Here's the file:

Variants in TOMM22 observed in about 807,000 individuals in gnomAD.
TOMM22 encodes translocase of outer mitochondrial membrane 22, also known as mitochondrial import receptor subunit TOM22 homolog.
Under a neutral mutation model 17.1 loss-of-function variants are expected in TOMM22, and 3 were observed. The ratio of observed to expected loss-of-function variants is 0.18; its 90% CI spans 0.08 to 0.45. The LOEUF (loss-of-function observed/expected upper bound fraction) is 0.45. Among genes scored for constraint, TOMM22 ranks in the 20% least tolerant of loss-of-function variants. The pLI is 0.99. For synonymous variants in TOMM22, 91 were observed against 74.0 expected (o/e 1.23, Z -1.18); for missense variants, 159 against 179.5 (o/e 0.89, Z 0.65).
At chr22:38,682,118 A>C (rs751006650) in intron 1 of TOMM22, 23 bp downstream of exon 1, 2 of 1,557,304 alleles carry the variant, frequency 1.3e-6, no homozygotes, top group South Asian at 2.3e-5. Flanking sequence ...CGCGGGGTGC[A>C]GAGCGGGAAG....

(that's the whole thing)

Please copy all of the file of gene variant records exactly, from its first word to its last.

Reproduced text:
Variants in TOMM22 observed in about 807,000 individuals in gnomAD.
TOMM22 encodes translocase of outer mitochondrial membrane 22, also known as mitochondrial import receptor subunit TOM22 homolog.
Under a neutral mutation model 17.1 loss-of-function variants are expected in TOMM22, and 3 were observed. The ratio of observed to expected loss-of-function variants is 0.18; its 90% CI spans 0.08 to 0.45. The LOEUF (loss-of-function observed/expected upper bound fraction) is 0.45. Among genes scored for constraint, TOMM22 ranks in the 20% least tolerant of loss-of-function variants. The pLI is 0.99. For synonymous variants in TOMM22, 91 were observed against 74.0 expected (o/e 1.23, Z -1.18); for missense variants, 159 against 179.5 (o/e 0.89, Z 0.65).
At chr22:38,682,118 A>C (rs751006650) in intron 1 of TOMM22, 23 bp downstream of exon 1, 2 of 1,557,304 alleles carry the variant, frequency 1.3e-6, no homozygotes, top group South Asian at 2.3e-5. Flanking sequence ...CGCGGGGTGC[A>C]GAGCGGGAAG....